Naan bread is a soft and fluffy leavened flat bread (made with yeast) which is eaten all over south and Central Asia. They are thought to have been influenced by middle eastern flatbreads such as Pitta, as the Persian word nān being a generic word for bread seems to suggest. What makes Indian naan bread different from other Indian breads is that they are cooked in a tandoor oven, which is a traditional wood or coal fired oven made of clay. These ovens are heated to extreme temperatures and the dough is slapped to the side of the oven to cook.
Obviously I don’t have a tandoori oven at home (I wish I did!), so I turn to my trusty cast iron skillet to make my naan. The beauty of this being that in the winter I can bake my naan in the kitchen and when the weather is on my side, I take my skillet outdoors and use it over my fire pit. This makes sure the naan absorb all the delicious smoky flavours from the fire and gives it a more authentic flavour. If you don’t own a cast iron pan, use the heaviest frying pan or skillet that you own, just don’t put it on an open fire!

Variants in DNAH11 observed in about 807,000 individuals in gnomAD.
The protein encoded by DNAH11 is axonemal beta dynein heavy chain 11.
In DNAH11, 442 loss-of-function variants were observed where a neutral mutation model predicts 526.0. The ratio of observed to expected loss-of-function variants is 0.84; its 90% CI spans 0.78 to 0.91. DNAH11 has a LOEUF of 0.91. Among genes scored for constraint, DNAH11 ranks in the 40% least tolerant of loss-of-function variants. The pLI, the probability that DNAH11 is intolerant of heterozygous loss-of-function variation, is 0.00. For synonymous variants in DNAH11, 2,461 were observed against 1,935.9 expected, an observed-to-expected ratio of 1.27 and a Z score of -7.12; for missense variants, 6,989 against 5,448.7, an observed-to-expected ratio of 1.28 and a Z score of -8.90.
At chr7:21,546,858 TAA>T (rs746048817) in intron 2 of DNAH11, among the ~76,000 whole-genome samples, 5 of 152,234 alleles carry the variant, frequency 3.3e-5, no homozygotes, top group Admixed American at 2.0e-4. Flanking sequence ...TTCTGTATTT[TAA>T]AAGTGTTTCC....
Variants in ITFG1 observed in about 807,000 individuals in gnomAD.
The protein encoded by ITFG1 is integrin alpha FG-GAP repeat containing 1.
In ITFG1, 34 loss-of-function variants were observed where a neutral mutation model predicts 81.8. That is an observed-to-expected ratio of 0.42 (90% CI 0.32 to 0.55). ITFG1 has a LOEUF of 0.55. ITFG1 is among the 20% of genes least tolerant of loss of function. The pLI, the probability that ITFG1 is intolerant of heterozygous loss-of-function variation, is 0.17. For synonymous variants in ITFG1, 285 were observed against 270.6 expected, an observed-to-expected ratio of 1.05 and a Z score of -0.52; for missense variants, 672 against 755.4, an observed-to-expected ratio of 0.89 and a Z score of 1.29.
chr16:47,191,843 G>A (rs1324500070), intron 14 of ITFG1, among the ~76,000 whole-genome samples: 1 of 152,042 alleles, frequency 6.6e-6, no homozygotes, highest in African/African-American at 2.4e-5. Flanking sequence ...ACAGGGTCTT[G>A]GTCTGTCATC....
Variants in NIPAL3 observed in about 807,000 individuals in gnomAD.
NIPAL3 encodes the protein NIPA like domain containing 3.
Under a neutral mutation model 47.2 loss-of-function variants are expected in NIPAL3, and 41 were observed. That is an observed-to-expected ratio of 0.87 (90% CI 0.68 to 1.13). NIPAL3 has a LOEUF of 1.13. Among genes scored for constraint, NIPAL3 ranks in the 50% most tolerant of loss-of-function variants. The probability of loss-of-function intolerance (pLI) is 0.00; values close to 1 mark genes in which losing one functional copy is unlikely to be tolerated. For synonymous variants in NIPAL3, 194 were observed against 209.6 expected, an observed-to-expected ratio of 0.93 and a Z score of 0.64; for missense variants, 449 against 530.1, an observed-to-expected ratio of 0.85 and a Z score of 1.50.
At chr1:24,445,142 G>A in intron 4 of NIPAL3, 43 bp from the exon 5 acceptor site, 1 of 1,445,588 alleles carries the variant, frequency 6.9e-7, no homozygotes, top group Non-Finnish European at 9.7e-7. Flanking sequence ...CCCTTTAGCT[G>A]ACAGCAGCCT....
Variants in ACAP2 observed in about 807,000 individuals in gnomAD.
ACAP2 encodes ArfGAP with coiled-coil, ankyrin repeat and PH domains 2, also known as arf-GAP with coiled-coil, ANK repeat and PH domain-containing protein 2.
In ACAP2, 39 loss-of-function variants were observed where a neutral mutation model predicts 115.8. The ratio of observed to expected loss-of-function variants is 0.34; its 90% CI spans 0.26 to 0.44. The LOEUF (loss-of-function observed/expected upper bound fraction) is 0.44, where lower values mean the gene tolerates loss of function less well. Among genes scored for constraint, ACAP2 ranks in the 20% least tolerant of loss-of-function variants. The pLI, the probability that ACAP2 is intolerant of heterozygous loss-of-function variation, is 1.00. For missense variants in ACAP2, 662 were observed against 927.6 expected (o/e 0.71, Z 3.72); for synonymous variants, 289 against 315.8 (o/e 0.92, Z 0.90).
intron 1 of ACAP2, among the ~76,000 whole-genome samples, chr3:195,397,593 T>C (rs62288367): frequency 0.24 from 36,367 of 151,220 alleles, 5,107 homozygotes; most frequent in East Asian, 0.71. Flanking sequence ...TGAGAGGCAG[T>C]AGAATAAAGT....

- 500g strong white flour
- 20g sugar
- 10g salt
- 14g dried yeast (2 sachets)
- 150g coconut cream
- 200g water
- 1 tsp nigella seeds
- Place your flour, sugar and salt in a bowl and mix together with your hand. Make a well in the centre.
- Dissolve the yeast in to the water and pour in to the well. Use your hands to begin mixing the flour and water together. Then add the coconut cream and nigella seeds and mix in the bowl until it starts to form a sticky dough.